Appeared in November/December 2004 LINKS
For such an impeccably built and carefully managed club, Kinloch has thrown me off stride with an atmosphere that seems upbeat-bordering-on-jovial. I share this impression with my host, unsure how he might respond.
“Wait ’til you meet Paul,” Vinny Giles replies as we begin our tour of the property. “I call him ‘Mr. Happy.’”
Marvin “Vinny” Giles III has spent his life in golf, as an outstanding amateur player and as founder of an agency that represents such champions as Tom Kite, Lanny Wadkins, Beth Daniel and Meg Mallon. Giles, the 1972 U.S. Amateur champ, 1975 British Amateur winner and four-time Walker Cupper, is the guiding force at Kinloch Golf Club, a three-year-old refuge tucked into rolling Virginia woodlands some 20 miles from the state capitol at Richmond.
“A local landowner named C.B. Robertson approached me about designing a golf course on some family property,” says Giles. “I told him, ‘I don’t know how.’ I can read a topo map, I can get you from point A to point B, but I don’t know anything about drainage, say. Then I looked over the site, and I told him I’d love to do it—if he’d let me design it with someone who knows what he’s doing.”
The land Giles surveyed featured frequent elevation changes, meandering creeks, a 70-acre lake and a wealth of natural greensites and teeing areas. He chose Richmond-based course designer Lester George to join him in bringing out the potential of the property. “We could have talked to some big-name architects, but I knew they weren’t going to spend the kind of time here that we wanted,” Giles recalls. “Lester came out here … I hate to think of the number of hours he spent. With minor modifications, the routing is exactly what Lester designed from the start.”
The original plan called for an upscale daily-fee course with housing alongside, but as the clearing progressed, the designers realized the course had the potential to be extraordinary. Giles went back to Robertson and proposed a private equity club devoted to golf and golf only—no tennis courts, no swimming pool, just a place for those who love the game to come together and play with and against each other. The resulting layout opened for limited nine-hole play in late 2000, with the remaining holes completed the following year.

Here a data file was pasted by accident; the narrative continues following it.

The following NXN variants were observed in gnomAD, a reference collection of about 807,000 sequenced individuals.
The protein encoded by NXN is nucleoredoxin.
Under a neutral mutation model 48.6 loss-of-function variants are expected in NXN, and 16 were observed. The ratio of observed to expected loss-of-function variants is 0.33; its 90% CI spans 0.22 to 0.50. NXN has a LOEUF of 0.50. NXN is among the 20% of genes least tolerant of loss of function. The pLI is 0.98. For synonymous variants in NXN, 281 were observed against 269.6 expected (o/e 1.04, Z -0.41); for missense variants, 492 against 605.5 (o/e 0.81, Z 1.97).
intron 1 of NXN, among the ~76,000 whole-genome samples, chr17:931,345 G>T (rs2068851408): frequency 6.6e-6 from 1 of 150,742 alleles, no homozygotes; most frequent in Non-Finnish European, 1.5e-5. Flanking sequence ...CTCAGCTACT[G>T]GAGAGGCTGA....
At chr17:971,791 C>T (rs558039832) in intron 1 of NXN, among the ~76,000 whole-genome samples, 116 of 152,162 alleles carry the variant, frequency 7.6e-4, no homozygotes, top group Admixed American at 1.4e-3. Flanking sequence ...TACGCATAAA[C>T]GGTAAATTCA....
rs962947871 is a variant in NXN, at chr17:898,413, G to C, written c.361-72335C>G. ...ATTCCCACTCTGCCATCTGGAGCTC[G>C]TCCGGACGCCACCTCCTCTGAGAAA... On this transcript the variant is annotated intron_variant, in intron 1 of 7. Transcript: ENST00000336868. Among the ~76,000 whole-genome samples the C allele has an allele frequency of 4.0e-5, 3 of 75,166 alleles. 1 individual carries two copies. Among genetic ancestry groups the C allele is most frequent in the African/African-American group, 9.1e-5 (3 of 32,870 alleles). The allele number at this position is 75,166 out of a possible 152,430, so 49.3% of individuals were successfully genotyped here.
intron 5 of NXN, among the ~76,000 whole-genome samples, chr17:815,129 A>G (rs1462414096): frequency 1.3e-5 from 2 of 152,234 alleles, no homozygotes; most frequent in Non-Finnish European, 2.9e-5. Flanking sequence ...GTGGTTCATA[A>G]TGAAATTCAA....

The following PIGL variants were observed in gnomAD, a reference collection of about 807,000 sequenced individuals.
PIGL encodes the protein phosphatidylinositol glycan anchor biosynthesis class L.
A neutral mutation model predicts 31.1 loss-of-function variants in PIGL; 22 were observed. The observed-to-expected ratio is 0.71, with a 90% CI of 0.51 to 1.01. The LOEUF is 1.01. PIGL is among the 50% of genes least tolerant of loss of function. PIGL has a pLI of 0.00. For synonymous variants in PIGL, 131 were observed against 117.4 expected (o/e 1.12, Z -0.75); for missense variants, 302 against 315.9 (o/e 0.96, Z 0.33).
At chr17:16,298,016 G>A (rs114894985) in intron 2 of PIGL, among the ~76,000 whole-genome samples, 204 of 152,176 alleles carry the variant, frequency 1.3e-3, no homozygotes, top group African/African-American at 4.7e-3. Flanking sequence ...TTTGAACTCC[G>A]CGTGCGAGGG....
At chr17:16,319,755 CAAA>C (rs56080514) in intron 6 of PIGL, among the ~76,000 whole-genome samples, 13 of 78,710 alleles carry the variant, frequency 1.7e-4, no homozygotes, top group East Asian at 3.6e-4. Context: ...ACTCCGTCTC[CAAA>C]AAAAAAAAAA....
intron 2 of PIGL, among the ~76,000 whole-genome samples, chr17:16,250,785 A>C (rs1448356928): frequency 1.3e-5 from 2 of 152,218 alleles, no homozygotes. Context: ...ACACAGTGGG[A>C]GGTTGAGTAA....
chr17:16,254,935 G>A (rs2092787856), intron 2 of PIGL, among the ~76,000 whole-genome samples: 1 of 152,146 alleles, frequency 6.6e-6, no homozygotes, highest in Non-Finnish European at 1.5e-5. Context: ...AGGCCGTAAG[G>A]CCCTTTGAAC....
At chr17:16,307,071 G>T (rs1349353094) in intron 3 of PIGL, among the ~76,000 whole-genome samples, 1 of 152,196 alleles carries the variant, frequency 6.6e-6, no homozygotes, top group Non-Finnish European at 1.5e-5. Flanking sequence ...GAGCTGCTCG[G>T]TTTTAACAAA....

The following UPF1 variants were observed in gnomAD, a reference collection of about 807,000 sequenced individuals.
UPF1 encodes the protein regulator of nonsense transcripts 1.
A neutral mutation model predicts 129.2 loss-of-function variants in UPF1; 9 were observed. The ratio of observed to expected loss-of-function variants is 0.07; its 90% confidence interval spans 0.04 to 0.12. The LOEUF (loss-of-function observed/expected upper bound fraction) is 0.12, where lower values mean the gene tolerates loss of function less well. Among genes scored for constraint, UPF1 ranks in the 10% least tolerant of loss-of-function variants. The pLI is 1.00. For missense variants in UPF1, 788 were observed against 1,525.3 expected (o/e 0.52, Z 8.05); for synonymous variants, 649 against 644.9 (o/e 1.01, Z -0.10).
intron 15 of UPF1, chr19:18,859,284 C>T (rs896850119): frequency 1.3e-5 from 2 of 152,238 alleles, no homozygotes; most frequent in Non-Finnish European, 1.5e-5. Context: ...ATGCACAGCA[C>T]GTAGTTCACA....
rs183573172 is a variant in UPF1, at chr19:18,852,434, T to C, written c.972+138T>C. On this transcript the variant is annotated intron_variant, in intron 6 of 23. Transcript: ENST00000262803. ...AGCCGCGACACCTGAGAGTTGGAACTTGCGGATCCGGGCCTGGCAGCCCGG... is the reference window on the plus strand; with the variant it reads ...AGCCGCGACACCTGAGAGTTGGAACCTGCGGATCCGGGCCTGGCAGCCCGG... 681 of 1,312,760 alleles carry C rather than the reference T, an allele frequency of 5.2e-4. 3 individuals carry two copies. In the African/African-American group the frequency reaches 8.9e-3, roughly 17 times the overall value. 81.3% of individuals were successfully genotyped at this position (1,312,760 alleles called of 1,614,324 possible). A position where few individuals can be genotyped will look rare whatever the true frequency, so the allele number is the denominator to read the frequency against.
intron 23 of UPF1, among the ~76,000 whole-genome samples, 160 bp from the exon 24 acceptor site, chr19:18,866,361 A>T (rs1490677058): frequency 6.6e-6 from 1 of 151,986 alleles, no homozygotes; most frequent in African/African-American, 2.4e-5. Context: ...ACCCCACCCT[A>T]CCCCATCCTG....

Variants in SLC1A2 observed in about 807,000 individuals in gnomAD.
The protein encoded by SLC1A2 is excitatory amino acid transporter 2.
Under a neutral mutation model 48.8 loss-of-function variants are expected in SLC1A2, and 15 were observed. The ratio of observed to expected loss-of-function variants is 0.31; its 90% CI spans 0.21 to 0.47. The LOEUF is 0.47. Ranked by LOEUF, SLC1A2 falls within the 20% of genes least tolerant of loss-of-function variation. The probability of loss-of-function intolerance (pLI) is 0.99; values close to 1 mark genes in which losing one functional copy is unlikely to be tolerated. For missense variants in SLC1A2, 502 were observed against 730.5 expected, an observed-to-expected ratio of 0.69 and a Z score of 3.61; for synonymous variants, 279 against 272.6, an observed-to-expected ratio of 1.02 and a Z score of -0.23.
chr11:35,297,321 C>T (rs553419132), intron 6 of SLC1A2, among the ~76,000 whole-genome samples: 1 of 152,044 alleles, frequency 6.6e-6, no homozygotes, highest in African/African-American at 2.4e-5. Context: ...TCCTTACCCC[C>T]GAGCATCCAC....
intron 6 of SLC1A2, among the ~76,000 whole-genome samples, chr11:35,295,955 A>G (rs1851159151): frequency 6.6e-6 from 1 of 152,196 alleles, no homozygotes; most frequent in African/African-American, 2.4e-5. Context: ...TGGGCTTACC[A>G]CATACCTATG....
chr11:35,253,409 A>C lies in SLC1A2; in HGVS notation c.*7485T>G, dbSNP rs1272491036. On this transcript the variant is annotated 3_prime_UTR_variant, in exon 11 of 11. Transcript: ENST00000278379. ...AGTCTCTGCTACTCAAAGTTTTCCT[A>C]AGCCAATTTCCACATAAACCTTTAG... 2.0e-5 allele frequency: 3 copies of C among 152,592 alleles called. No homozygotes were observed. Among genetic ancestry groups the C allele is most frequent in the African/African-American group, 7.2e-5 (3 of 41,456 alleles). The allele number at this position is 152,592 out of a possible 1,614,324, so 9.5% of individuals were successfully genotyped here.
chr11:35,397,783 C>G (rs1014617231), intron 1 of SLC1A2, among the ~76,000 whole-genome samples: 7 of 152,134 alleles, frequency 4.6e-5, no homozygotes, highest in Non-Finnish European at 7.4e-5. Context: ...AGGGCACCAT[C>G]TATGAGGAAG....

The club takes its cues from its gracious and sociable leader. The goal, clearly stated by golf director Phil Owenby, is to have the course in tournament condition on a daily basis, and to provide “service of the highest quality, in a comfortable setting.” The telling word is comfortable: Kinloch is a club without pretension, one where a visitor feels instantly at home. Many great clubs leave you feeling lucky to be granted a visit. At Kinloch, the staff sends the message that it feels lucky to have you stop by. One member summarizes club priorities by noting, “We hire for attitude and train for skill.”
The club bends itself to whatever its members want; there are no tee times and few restrictions. If you want to play by yourself when the course is crowded (and it’s rarely crowded—60 to 65 golfers a day is typical of its busiest times), they’ll shuttle you out to the fourth or 10th or 13th hole, wherever you can start your round in comfort and play at your pace. Want to tee off in a sixsome? Go right ahead. As a pure-golf establishment, it is a second or third club for its members, and is dedicated to making that golf experience as rich as possible.
The most unorthodox decision was to have bent-grass fairways, a rarity in the region. “We were willing to be guinea pigs,” says Giles. “We’re the first course in this area except mountain courses to use bent.” The fairways are designed to play firm and fast, and thanks to the extensive care they receive from superintendent Peter Wendt, they held up through the bone-dry summer of 2002 and the drenching conditions of the following year. The bluegrass rough is penal, but not inappropriately so, given Kinloch’s 50-yard-wide fairways.
Shots from the rough are unlikely to hold the greens, but the vast majority of holes will accept a run-up. Putting surfaces here are subtly wrinkled, using the natural slopes of the land to provide sufficient challenge without artificial aid. “I said, ‘Don’t bury elephants in those greens,’” recalls Giles. “As a result, they can play as fast as you want. We can get ’em to 14 [on the stimpmeter], and we have.”